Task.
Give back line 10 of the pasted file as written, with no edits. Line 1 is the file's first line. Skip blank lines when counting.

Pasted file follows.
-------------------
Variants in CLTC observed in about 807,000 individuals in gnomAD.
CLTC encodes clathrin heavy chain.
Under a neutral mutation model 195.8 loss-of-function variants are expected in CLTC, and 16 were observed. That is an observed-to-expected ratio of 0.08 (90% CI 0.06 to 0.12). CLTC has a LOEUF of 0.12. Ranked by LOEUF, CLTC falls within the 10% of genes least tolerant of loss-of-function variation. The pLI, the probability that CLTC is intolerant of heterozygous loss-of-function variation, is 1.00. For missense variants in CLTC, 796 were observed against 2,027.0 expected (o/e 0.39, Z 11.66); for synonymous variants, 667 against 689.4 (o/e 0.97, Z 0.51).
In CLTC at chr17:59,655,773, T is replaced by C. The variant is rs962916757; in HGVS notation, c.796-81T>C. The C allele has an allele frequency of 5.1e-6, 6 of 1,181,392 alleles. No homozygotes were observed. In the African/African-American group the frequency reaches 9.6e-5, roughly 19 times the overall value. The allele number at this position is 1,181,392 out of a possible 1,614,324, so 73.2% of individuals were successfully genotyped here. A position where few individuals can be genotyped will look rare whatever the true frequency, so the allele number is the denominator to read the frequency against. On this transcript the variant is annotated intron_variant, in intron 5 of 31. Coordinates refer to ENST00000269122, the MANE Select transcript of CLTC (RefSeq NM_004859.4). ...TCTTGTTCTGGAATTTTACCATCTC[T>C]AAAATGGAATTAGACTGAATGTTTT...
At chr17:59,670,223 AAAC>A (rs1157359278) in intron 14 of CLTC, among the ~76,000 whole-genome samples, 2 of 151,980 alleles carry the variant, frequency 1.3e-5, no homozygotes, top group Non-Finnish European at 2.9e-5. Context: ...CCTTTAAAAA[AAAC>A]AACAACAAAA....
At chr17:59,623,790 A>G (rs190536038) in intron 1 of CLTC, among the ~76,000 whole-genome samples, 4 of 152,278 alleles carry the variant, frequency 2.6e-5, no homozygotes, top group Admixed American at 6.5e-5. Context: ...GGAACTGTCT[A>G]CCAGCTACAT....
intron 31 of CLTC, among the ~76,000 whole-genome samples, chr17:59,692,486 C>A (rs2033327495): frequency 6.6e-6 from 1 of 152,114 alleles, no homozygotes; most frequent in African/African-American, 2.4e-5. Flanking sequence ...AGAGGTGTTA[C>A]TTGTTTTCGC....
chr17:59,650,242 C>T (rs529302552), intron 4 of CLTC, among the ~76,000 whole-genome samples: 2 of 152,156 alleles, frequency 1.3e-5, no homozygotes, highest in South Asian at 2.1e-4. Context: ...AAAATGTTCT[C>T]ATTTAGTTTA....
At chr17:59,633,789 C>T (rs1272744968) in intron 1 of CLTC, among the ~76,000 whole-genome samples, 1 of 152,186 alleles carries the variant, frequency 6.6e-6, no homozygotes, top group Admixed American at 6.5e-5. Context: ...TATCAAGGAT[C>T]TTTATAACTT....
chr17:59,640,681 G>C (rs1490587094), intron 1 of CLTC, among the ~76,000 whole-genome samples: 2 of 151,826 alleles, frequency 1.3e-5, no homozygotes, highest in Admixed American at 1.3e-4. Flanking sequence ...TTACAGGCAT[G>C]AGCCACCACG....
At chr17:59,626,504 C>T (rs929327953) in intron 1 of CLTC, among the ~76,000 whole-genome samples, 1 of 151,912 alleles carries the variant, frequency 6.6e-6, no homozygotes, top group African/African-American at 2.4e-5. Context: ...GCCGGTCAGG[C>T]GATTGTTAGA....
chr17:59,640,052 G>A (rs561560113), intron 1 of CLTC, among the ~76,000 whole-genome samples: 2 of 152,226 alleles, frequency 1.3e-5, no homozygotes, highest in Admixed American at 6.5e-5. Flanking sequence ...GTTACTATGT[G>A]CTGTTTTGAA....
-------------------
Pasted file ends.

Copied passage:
chr17:59,640,681 G>C (rs1490587094), intron 1 of CLTC, among the ~76,000 whole-genome samples: 2 of 151,826 alleles, frequency 1.3e-5, no homozygotes, highest in Admixed American at 1.3e-4. Flanking sequence ...TTACAGGCAT[G>C]AGCCACCACG....